[13th May 2014]
01. The Build
03. Take A Picture
05. Love Song
07. Walls Of Thoughts
08. Blue Sun
10. Lost Dream
11. House Of Lies
Equipped with possibly the most preposterous band name in progressive metal, Serbia’s Destiny Potato exploded onto the scene shortly after their inception in 2011. Together with early support from the folks behind the Euroblast festival, they were snapped up very quickly by Century Media. The band began work on their debut album, Lun - then things fell worryingly quiet.
But, maybe a little later than first anticipated, the album is now with us. Century are no longer in the equation, but the split was obviously amicable enough for the band to have retained the rights to the recordings, so Lun is now an entirely independent release.
Destiny Potato’s creative engine room is clearly the mind of guitarist David Maxim Micic. Whetting our appetites with his notably splendid solo effort Bilo 3.0 at the end of last year, the songs that comprise Lun carry many of the hallmarks that made Bilo 3.0 such a compelling release -but make no mistake; however agreeable a prospect it may be, Lun isn’t just Bilo 4.0.
For all of its progressive flourishes, Lun is at its core a very poppy record. Accessible, catchy tunes come equipped with riotously strong choruses that are prime earworm fodder. Although the guitar tones in particular are very much of the moment, the grooves of the uptempo numbers owe more to the more thoughtful end of nu-metal than to djent. Yet more flavour is added through the influence, and instrumentation, of traditional Eastern European folk music.
Destiny Potato take basic the framework of a band like Evanescence, but instead of a cynically contrived parade of tired cliche, Destiny Potato inject the joyous bombast of Devin Townsend‘s Deconstruction, the weight and soulfulness of early Sevendust, and the quirky imaginativeness of Stolen Babies. In particular, the combination of David’s swaggering riffs and Alexsandra Djelmas’ sultry vocals make Lun possibly the sexiest metal album you’ll hear all year.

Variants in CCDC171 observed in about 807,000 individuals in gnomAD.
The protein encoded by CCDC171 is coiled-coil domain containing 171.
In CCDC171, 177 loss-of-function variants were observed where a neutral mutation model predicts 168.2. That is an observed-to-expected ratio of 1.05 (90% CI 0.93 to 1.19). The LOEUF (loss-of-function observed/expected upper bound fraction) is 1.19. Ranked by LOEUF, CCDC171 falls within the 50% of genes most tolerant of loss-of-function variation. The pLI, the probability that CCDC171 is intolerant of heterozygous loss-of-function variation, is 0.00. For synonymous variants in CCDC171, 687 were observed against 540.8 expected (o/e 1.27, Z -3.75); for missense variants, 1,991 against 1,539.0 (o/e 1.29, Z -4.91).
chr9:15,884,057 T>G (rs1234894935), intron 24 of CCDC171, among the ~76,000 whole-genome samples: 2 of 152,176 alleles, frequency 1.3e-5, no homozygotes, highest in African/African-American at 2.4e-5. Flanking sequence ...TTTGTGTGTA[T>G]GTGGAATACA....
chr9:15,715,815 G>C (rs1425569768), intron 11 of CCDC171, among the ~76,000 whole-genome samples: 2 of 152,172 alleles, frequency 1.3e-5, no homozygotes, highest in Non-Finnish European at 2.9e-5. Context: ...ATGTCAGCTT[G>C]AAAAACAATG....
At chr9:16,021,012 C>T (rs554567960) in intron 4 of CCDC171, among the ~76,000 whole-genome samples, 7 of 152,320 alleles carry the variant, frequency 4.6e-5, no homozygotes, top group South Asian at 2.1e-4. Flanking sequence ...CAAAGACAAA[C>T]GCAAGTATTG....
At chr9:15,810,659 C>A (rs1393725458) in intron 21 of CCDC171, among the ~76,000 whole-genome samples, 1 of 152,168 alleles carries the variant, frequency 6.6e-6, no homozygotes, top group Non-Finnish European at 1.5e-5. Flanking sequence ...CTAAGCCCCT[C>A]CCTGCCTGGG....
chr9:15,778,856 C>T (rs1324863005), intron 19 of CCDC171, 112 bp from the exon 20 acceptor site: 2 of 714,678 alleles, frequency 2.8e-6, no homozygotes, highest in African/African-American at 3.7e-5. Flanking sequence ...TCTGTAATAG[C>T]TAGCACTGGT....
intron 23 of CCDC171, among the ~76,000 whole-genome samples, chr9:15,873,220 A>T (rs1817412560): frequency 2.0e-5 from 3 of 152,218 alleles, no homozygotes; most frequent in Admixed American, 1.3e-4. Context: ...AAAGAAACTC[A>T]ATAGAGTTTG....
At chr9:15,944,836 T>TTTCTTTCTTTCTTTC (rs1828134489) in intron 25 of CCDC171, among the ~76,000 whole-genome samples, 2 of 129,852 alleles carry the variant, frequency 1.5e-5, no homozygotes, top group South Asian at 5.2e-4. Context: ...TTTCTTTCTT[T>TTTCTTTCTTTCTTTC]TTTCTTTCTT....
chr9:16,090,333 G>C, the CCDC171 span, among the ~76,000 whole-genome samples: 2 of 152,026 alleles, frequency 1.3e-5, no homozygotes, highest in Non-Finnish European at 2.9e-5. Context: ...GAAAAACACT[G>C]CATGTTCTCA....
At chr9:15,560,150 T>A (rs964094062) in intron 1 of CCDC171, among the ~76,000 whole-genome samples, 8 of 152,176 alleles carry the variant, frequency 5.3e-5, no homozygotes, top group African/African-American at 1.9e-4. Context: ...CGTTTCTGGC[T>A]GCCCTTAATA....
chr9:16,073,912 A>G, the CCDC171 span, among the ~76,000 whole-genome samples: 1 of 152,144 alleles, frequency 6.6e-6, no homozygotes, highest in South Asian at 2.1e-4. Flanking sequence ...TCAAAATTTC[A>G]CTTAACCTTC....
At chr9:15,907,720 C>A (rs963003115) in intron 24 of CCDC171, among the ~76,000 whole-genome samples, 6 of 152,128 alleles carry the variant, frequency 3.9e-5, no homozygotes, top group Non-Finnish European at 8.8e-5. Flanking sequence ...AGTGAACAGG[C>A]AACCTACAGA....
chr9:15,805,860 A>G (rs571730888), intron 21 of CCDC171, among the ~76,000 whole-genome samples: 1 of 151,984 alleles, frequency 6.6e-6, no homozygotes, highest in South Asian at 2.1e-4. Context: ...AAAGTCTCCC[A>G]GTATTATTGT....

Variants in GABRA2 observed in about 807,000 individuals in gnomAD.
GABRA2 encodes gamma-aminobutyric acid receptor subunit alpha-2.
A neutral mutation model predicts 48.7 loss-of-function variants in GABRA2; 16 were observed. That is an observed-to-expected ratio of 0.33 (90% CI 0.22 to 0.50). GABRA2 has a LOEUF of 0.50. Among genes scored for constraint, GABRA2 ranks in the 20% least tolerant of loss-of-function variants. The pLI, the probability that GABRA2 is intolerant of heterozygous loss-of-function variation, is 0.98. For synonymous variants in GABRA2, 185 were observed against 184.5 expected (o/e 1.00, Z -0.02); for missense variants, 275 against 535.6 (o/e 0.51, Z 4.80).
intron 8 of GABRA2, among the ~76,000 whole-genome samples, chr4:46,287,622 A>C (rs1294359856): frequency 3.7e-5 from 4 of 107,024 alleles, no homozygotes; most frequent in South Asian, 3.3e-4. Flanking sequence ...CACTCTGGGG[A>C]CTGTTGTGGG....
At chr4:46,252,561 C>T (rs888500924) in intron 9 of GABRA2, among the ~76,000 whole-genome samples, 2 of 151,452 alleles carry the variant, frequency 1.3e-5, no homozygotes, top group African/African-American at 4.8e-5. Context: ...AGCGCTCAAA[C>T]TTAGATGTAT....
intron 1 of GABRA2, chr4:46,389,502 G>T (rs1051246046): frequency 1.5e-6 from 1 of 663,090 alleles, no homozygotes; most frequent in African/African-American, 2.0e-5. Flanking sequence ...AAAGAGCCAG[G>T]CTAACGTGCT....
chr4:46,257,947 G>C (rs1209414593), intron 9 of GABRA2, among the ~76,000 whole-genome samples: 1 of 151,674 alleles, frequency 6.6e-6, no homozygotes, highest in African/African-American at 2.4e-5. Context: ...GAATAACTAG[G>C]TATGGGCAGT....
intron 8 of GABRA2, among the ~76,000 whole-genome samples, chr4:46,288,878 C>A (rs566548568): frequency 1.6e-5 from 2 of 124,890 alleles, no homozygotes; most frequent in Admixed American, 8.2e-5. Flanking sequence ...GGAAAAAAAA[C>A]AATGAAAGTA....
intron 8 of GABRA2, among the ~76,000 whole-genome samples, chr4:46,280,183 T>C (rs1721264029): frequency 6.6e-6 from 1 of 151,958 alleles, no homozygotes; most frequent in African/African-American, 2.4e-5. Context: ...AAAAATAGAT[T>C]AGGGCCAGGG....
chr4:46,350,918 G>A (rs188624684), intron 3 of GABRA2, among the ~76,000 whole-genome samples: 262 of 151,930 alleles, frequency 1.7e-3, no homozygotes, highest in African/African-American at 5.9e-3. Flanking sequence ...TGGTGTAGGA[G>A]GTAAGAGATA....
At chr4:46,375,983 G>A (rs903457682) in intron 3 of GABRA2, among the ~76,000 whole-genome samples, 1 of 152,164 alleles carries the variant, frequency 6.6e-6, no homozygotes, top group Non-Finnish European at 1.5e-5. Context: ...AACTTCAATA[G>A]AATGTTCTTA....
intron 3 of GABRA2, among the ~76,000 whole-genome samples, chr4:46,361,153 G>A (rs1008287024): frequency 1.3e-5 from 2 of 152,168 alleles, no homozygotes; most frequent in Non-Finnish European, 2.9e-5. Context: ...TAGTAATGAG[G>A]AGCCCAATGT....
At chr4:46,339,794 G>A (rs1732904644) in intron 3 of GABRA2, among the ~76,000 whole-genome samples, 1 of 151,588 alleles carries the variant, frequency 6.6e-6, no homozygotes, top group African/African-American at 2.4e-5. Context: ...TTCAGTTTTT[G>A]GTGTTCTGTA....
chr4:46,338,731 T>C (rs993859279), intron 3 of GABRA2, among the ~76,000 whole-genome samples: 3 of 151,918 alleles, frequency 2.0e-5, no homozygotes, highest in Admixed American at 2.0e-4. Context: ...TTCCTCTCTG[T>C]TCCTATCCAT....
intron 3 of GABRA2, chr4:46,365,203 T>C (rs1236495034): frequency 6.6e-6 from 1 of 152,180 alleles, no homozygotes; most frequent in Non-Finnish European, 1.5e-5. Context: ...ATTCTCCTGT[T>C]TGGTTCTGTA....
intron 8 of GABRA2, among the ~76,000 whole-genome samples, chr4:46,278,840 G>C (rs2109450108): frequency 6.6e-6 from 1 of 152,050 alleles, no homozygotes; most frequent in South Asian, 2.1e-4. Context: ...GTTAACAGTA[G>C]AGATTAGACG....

It is on third track “Take A Picture” where all the elements first combine into something truly head-turning, with its jagged, stop-start verses leading to a sumptuous chorus. Possibly the highlight of the album follows shortly afterwards with the pairing of “Love Song” and “Lunatic“. Both songs showcase Destiny Potato’s desire to broaden the sonic palette with additional instrumentation. The former sees a violin snaking between the other instruments and Alexsandra’s soaring and thoroughly alluring vocal melody. “Lunatic“, on the other hand, warmly welcomes an accordion into the mix in a fashion that makes clear it is not just a gimmicky novelty.
Lun comfortably takes changes of pace and tone in its stride, with occasional blast-beats and death growls sitting alongside delicate ballads. “Wall of Thoughts” starts with a quiet vulnerability before erupting into a defiantly heavy bridge that melts away as quickly as it appears.
In short, Lun is an intoxicating and exotic surprise. The depth and maturity of the songwriting is particularly notable given that this is a debut release. The quality and inventiveness of musicianship is also exemplary throughout the entire band, so we can only hope that this is just the beginning of a rich and varied career.
As an independent release, Lun is available digitally through the band’s Bandcamp page. If you are in the mood for a romantic and surprising adventure through a Tim Burton-esque progressive metal landscape, you really need look no further. Outstanding stuff.